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Review of CLAMBAKE (Blu-ray)

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Grade: B-
Entire family: Yes
1967, 99 min., Color
Musical comedy-romance
Not rated: Would be PG (for smoking, drinking, and some suggestive scenes)
Kino Lorber
Aspect ratio: 2.35:1 widescreen
Featured audio: DTS-HDMA 2.0
Bonus features: B- (an audio commentary from Videodrome video rental store)
“Clambake” clip
Amazon link

It started with Jailhouse Rock (1957), the film that established the Elvis film character as a brooding James Dean, often with a chip on his shoulder, but with a good guy hiding under the facade. That character would appear with only minor alterations in most of his 23 films made between 1962 and 1969. By comparison, during that same period John Wayne made 17 films. Both were box-office giants.

Many of the films from this period are “a-go-go” films, and if you’re a fan of the Zucker-Abrahams-Zucker spoof Top Secret! you’ll see in the formula Elvis movies what they were making fun of. Today’s families will find these lightweight musical comedy-romances fun to watch, but also fun to make fun of. Some of the dancing, some of the clothes, some of the antics are just plain hilarious now, though they were intended, like the Frankie Avalon and Annette Funicello “beach” movies, to be campy and fun even back then. They feature plenty of mod and mini-skirted and bikinied women and goofy guys doing the swim, the frug, the monkey, the jerk, and all those dances that were so cool then but look so silly now. What will seem even sillier to modern audiences are the backgrounds that were clumsily and unapologetically used (like the mountains in the background of this film set in Miami), or the far-fetched ways in which the writers sought to bring Elvis in contact with children.

Yes, children. You see, the Elvis film persona was meant to be everything to women: a bad boy, a nice guy, a singing romantic, a tough guy when he had to be, a clean-living guy who usually refrained from alcohol and tobacco, and a good-looking guy who was so good with kids that women saw him as father material. Despite the attitude, Elvis was the kind of guy you could bring home to meet Mom and Dad.

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Review of ROARING ABYSS (DVD)

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Grade: A-/B+
Entire family: Yes (though small children may tire)
2015, 87 min., Color
Music documentary
Not rated: Would be G
IndiePix Films
Aspect ratio: 16×9 widescreen
Featured audio: Dolby Digital Stereo
Bonus features: n/a
Trailer
Amazon link

Roaring Abyss is an unfortunate title, and the cover art just as unfortunate. Both give a false impression of turbulence, pain, struggle, or a profound feeling of being trapped. That couldn’t be more misleading. Roaring Abyss is a feel-good film, a start-to-finish musical journey across Ethiopia, where, we’re told, “Ninety million people in the second most populated African country” are “singing in eighty different languages on both sides of the Rift Valley.”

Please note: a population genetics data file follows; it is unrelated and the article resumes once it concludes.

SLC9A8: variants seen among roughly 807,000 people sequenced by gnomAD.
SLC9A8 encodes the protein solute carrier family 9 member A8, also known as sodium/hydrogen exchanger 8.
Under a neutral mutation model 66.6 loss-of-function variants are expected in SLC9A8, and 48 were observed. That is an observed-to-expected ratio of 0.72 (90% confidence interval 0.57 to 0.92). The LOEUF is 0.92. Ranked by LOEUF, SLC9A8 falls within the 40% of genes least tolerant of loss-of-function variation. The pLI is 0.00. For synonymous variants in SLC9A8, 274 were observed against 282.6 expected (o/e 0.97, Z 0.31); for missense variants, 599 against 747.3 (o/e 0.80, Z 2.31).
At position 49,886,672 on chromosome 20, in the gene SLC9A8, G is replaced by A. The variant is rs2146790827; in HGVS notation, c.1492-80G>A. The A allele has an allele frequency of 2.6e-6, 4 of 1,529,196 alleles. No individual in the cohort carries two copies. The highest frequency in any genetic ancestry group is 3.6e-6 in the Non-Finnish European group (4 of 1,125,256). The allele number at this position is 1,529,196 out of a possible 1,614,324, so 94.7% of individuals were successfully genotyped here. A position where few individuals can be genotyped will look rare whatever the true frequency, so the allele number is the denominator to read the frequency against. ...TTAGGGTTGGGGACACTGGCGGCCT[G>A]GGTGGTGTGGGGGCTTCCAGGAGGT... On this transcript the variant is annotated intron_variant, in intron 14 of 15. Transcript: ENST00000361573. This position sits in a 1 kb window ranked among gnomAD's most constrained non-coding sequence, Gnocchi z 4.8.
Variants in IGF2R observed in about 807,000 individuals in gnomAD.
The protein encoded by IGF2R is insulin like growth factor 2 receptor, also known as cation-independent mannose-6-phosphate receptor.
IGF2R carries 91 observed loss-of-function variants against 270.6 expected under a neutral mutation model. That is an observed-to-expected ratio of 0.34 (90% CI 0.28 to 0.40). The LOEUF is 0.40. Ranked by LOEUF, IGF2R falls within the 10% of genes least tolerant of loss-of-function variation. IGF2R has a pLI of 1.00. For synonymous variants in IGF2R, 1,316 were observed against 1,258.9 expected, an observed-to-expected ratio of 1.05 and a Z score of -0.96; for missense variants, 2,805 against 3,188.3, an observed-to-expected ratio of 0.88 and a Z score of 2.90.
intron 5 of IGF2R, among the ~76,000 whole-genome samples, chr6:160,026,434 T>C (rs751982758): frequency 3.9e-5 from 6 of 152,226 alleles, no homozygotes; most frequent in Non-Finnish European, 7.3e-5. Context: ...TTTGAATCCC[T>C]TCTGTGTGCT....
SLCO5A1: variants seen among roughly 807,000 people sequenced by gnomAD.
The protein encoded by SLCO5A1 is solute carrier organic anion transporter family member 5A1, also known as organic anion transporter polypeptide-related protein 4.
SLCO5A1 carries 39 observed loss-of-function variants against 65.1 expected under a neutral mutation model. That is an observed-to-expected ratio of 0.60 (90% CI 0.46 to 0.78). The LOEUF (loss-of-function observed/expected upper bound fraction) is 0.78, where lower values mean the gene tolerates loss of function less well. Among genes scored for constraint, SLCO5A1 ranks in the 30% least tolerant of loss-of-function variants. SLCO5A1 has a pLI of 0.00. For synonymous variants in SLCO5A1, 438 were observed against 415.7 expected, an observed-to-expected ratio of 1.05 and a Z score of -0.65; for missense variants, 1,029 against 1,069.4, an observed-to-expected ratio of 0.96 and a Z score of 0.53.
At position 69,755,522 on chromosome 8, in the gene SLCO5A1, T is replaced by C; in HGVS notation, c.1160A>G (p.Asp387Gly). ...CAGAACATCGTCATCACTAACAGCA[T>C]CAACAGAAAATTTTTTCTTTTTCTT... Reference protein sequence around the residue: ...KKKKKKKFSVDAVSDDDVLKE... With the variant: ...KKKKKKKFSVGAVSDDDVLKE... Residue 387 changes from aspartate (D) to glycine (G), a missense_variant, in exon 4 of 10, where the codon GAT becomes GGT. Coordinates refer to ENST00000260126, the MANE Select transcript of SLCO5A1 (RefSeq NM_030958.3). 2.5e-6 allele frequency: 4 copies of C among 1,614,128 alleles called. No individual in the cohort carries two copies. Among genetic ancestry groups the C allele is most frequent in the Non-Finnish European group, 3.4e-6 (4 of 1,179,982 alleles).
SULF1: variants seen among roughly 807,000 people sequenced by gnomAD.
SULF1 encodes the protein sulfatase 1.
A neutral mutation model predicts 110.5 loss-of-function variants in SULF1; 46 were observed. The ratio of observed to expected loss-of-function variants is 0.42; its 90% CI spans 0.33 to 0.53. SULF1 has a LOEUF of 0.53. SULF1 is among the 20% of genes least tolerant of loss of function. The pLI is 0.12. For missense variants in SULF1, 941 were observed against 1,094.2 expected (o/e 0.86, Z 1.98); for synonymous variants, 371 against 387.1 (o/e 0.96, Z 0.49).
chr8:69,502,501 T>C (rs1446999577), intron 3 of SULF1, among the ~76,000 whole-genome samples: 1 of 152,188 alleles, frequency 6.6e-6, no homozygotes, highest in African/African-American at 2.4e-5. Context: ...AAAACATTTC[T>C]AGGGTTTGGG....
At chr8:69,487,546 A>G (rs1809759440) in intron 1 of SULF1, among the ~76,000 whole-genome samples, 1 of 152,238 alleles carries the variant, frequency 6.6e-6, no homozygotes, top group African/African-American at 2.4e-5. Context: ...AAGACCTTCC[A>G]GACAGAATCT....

This 2015 documentary from Quino Piñero could very well do for traditional music from Ethiopia what Buena Vista Social Club did for Cuban music and musicians. The musicians celebrate their lives through music, and Piñero celebrates that too, along with celebrating their talent, passion, and dedication to preserving traditional music.

You don’t have to be a music lover to enjoy this film, but it certainly helps, since music is a constant. From the terrific opening song you know what sort of journey awaits. A pattern unfolds: you see film of everyday life in a section of Ethiopia while you hear music, then a cut to the musicians so you can see the source of the sound and watch the rest of the performance—and in a sense, every one of these songs, no matter where it was recorded, is a performance because they have been recorded in front of microphones for posterity. After the performance we get more of the same, with that pattern occasionally interrupted by interviews with some of the performers.

“A song is not only for dancing,” one of them remarks. “It reminds you of your dear ones, it brings back memories of far relatives, it reminds you of those who passed away, it reminds you of the love you experienced in your life. Indeed, songs are rarely made for dancing only.”

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Review of HICKOK (4K Ultra HD combo)

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Grade: B-/C+
Entire family: No
2017, 88 min., Color
Western
Not Rated: Would be PG-13 for brief nudity, sexual situations and strong language
Cinedigm
Aspect ratio: 2.35:1 matted widescreen
Featured audio: English DTS-HDMA 5.1
Bonus features: B- (nice making-of feature)
Includes: 4K Ultra HD, Blu-ray
Trailer
Amazon link

Timothy Woodward Jr. grew up loving Hollywood Westerns, and now he’s living the dream—he’s directing them. And he’s getting better.

Woodward’s first effort, Traded (2016), starred music legends Kris Kristofferson and Trace Adkins, both of whom look rugged enough to play a convincing cowboy in the American Wild West of the 1870s and ‘80s. Traded was basically a Western version of Taken, and though Westerns have more clichés than cacti have needles, this one was hemorrhaging hokey dialogue, wooden characters, and silly situations. It was hard going, which is why I’m not surprised it earned only a 5.1 out of 10 at the Internet Movie Database from over 2000 audience members. At Family Home Theater we warned it was a C- at best.